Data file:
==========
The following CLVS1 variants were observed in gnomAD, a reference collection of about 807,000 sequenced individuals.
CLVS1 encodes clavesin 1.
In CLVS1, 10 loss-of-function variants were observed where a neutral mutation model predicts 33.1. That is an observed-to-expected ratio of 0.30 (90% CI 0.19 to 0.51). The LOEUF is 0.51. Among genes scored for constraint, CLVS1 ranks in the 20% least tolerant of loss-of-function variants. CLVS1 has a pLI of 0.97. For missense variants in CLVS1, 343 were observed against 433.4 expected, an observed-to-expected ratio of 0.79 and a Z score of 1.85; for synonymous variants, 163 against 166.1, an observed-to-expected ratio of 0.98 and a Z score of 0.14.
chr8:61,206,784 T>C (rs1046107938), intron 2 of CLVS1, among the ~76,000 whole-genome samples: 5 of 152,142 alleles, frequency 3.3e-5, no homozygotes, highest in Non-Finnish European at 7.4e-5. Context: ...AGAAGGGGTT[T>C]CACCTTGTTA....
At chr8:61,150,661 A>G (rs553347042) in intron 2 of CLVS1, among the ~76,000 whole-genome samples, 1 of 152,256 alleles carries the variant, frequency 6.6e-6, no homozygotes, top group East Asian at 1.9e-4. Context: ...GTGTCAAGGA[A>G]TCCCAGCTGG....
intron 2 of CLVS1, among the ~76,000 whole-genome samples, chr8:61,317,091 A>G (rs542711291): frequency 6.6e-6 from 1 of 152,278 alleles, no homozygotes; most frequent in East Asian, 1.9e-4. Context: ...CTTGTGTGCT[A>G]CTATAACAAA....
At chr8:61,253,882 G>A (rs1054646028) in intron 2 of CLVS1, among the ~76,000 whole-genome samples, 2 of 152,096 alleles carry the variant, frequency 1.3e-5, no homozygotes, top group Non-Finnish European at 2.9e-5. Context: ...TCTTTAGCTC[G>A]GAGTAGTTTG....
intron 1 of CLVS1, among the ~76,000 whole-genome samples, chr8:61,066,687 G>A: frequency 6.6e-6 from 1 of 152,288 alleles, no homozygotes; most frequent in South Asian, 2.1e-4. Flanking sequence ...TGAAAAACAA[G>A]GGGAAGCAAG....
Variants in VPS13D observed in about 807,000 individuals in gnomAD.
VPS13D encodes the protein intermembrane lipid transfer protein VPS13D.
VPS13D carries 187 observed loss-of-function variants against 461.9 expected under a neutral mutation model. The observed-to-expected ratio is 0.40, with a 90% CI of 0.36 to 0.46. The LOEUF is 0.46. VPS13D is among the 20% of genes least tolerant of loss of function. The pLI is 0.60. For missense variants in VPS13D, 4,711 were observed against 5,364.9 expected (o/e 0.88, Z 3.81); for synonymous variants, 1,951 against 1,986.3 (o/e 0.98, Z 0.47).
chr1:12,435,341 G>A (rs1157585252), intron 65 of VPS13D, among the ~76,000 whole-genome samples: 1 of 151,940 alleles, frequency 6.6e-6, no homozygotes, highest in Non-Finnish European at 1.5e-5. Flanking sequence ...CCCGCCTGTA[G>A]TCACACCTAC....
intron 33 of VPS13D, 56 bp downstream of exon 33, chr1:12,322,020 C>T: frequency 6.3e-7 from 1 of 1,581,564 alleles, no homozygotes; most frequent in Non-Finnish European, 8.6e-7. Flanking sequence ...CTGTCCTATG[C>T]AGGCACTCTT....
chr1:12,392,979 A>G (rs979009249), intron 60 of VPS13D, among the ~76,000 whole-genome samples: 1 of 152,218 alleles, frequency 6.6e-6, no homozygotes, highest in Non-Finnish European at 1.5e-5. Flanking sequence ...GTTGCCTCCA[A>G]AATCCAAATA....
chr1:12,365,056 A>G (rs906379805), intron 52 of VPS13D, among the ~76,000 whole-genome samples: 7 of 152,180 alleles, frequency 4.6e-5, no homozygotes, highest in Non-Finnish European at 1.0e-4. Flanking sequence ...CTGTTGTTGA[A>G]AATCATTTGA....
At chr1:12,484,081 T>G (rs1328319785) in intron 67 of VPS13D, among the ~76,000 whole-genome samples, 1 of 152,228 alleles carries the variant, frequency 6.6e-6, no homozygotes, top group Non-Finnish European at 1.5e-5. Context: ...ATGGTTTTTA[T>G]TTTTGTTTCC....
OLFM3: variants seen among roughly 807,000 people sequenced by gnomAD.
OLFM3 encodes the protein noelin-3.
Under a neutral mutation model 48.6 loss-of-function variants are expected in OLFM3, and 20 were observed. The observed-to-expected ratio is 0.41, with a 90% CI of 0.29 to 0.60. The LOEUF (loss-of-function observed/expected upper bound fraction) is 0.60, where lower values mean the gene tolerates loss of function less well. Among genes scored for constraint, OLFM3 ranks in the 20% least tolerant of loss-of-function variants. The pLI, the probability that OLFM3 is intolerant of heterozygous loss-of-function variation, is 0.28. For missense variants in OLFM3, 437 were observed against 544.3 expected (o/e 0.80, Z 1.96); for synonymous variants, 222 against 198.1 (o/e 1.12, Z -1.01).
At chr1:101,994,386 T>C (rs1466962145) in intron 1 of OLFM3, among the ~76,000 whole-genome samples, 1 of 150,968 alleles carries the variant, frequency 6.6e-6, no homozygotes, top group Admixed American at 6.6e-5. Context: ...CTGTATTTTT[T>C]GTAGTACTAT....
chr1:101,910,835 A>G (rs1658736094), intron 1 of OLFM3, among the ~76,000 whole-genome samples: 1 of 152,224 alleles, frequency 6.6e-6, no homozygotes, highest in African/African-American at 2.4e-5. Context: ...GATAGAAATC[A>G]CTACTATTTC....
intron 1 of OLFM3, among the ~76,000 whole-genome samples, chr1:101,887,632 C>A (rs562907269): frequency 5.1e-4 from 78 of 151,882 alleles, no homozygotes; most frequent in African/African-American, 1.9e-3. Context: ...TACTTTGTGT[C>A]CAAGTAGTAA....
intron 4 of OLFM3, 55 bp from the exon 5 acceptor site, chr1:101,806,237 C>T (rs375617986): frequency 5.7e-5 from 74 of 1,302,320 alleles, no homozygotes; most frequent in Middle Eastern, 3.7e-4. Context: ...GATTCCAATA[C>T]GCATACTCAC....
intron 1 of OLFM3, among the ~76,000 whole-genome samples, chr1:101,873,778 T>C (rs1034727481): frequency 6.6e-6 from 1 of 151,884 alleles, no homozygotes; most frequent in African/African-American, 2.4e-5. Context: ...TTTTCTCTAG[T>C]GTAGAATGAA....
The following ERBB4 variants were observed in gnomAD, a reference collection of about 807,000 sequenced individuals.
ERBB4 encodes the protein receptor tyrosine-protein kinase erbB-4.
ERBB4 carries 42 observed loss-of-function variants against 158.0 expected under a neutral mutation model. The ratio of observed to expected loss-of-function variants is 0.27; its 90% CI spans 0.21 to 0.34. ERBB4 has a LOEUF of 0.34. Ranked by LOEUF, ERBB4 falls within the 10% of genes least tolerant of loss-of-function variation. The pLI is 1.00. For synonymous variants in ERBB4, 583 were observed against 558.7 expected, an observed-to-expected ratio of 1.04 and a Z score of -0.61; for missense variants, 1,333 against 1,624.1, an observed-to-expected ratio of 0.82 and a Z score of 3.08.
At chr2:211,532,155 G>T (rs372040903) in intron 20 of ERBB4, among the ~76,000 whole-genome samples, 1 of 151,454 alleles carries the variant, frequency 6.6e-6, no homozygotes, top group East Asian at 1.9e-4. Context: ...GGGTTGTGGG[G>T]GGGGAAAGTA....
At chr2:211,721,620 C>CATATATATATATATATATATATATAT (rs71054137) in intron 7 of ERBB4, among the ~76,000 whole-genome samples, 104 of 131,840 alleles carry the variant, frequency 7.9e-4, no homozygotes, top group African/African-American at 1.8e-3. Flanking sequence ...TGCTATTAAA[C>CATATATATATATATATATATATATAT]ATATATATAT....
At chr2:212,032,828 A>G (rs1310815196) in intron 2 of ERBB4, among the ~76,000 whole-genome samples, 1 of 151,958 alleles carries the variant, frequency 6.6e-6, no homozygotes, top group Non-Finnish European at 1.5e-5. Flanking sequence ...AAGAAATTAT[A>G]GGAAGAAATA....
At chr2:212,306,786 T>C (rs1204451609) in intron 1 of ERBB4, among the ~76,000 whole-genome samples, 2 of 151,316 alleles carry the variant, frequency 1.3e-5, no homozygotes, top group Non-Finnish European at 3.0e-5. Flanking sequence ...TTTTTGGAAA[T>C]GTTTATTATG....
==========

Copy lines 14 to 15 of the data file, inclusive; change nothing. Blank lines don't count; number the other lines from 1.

chr1:12,392,979 A>G (rs979009249), intron 60 of VPS13D, among the ~76,000 whole-genome samples: 1 of 152,218 alleles, frequency 6.6e-6, no homozygotes, highest in Non-Finnish European at 1.5e-5. Flanking sequence ...GTTGCCTCCA[A>G]AATCCAAATA....
chr1:12,365,056 A>G (rs906379805), intron 52 of VPS13D, among the ~76,000 whole-genome samples: 7 of 152,180 alleles, frequency 4.6e-5, no homozygotes, highest in Non-Finnish European at 1.0e-4. Flanking sequence ...CTGTTGTTGA[A>G]AATCATTTGA....